Throughout Vu’s dynamic legal career, he has continued to be an active leader in his community. Vu is the co-founder of the Vietnamese American Bar Association of Northern California and a former president of the Asian Pacific American Bar Association of Silicon Valley.. He has also co-founded the Asian Pacific Islander Justice Coalition of the Silicon Valley, a network of over 25 non-profit organizations that seek to unite, empower, and advocate for social justice within the Asian Pacific Islander (API) community. In June 2008, after the California Supreme Court invalidated the prohibition against same sex marriage, Vu and his long term partner of sixteen years, Thanh Ngo, were legally married.
As a result of his contribution, Vu is the recipient of such awards as the 2006 Asian American Heroes Award Honoree, awarded by Santa Clara County Board Supervisor Liz Kniss, the Vietnamese American Bar Association of Northern California’s 2009 Trail Blazer Award, and the 2012 SF Business Times / Silicon Valley Business Journal Corporate Counsel’s Community Champion Award.
Santa Clara University Diversity Gala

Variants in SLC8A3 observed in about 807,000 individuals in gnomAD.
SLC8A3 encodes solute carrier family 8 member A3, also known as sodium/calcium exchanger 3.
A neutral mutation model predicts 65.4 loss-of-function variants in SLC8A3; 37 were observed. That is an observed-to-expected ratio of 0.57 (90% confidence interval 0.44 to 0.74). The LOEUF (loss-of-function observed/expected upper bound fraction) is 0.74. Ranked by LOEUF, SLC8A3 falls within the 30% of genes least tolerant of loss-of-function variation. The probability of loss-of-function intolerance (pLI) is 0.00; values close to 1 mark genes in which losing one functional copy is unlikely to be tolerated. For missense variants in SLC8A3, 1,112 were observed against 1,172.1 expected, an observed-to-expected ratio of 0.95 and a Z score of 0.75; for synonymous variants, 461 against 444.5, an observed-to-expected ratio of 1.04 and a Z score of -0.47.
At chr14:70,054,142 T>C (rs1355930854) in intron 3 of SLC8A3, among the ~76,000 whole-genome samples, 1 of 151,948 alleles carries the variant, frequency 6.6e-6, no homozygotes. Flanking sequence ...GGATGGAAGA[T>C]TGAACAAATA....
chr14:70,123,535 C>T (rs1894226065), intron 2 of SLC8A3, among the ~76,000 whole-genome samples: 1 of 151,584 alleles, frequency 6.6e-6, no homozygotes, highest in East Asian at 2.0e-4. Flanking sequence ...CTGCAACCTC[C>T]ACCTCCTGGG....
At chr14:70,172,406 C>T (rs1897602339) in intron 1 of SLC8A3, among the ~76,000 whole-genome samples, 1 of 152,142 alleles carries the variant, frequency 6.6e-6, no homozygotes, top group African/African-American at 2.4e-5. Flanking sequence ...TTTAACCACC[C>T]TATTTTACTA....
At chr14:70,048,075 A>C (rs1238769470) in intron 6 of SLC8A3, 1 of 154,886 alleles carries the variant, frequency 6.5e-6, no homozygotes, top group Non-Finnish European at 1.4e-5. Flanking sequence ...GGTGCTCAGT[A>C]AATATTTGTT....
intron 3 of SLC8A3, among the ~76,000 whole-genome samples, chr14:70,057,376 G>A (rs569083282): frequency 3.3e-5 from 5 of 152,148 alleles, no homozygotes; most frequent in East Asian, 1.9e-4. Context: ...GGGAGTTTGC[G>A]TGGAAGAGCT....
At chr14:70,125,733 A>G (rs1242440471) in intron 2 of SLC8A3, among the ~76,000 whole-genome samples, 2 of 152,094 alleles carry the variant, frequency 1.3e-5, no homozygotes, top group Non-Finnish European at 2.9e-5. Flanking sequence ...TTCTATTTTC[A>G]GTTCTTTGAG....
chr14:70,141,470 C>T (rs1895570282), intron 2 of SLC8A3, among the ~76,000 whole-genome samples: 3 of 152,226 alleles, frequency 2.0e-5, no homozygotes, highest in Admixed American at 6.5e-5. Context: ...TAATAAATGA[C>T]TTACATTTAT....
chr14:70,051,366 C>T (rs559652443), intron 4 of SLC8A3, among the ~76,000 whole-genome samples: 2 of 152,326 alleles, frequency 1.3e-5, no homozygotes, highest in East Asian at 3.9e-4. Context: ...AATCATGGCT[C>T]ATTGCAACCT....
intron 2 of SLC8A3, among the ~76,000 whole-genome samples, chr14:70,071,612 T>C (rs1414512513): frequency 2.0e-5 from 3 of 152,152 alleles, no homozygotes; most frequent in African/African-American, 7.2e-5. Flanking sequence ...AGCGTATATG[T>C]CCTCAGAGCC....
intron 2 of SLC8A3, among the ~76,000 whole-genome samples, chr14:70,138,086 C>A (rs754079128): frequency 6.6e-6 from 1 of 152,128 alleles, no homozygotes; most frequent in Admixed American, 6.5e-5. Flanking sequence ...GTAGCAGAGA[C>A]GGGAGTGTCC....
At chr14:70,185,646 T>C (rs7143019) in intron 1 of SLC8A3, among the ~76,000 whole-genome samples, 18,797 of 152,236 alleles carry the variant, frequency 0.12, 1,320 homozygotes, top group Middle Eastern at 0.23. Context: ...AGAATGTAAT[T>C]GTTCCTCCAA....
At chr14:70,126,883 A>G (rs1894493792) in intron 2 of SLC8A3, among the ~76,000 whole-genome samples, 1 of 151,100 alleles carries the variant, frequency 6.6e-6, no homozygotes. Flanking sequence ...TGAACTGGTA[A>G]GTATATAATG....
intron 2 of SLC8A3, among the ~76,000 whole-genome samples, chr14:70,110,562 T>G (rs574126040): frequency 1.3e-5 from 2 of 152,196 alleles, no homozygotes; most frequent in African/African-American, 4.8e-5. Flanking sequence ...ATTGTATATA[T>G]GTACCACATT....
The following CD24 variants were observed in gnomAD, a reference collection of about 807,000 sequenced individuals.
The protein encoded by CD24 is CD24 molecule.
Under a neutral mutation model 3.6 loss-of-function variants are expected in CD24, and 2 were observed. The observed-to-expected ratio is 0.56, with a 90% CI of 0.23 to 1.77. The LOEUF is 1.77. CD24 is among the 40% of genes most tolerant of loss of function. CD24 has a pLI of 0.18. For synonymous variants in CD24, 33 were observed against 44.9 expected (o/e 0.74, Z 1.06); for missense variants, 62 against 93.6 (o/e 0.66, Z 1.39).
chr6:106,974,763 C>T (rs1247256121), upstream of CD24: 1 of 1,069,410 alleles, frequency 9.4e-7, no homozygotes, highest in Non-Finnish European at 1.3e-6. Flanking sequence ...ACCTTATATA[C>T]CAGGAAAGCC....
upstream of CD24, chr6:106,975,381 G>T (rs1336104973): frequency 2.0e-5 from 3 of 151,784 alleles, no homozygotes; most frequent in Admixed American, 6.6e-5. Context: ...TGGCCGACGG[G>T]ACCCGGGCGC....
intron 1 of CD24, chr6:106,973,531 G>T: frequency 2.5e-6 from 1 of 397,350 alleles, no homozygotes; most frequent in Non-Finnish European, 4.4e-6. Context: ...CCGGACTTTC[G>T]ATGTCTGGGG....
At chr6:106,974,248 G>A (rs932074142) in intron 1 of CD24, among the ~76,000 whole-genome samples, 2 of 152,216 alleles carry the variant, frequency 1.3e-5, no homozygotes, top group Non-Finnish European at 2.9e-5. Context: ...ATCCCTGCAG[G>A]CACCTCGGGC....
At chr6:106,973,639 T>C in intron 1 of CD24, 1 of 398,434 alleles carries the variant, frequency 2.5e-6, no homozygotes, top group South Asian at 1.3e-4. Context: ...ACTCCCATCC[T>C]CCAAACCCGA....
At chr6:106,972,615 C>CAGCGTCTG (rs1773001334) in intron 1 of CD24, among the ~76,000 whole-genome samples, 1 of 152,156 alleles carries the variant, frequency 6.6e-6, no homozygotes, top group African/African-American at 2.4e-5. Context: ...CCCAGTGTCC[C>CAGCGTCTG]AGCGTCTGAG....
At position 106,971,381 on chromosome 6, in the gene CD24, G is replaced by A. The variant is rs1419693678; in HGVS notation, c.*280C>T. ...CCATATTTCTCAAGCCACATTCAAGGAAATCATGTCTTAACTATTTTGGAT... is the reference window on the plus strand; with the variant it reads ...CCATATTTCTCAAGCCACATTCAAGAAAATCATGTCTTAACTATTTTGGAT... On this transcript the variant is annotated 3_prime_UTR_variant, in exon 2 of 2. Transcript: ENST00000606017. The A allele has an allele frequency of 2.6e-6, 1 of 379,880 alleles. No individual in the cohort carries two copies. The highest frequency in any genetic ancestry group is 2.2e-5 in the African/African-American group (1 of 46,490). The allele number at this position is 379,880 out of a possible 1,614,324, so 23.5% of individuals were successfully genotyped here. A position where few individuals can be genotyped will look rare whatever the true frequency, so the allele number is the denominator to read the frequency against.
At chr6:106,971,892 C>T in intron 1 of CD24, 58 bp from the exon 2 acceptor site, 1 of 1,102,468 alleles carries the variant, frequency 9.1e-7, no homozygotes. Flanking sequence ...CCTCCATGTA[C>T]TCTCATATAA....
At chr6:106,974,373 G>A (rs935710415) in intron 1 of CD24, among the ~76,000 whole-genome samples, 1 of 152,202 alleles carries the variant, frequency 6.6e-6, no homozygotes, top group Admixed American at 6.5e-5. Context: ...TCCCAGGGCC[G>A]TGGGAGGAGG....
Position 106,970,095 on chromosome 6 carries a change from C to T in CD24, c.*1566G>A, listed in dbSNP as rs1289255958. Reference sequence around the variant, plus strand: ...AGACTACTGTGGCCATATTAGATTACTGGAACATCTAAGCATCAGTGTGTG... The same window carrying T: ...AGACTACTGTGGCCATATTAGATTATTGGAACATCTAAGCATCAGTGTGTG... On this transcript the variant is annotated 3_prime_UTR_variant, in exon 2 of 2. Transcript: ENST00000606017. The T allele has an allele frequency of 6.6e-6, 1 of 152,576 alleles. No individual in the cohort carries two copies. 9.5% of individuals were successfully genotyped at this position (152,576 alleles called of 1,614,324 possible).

Organization of the Year Award - 2012
Google, Inc and Google’s Legal Department are honored to accept the Organization of the Year Award in conjunction with Santa Clara Law’s 9th Annual Diversity Gala.
At Google, we work hard to ensure that attention to diversity is built into everything we do—from hiring our employees and creating our company culture, to running our business and developing our products, tools, and services.
Through global talent development programs, we are working to increase diversity in the technology industry and develop the next generation of professionals. Growing the worldwide pool of leaders is vital for Google and for our industry. Having Googlers with a diversity of perspectives, ideas, and cultures leads to the creation of better products and services.
Many companies are facing a common challenge: fewer and fewer university students are graduating each year, and enrollment rates are even lower for women and underrepresented groups such as African Americans, Hispanics, Native Americans, and people with disabilities. What this means for Google and its industry peers is that the available talent pool is less reflective of the global population.
We are working hard to reverse this trend. Through education outreach programs, conferences, targeted recruitment initiatives, global talent development programs, and nonprofit organization partnerships, we are trying to attract, recruit, and retain the world’s top talent, and create a workforce that reflects our globally diverse user audience.
We are proud of the work we have done so far, but also recognize that there is much more to do. We hope that through our continued efforts we can help build an industry that is more reflective of the global population and more receptive to its needs, and in doing so, raise worldwide awareness about issues of diversity and inclusion.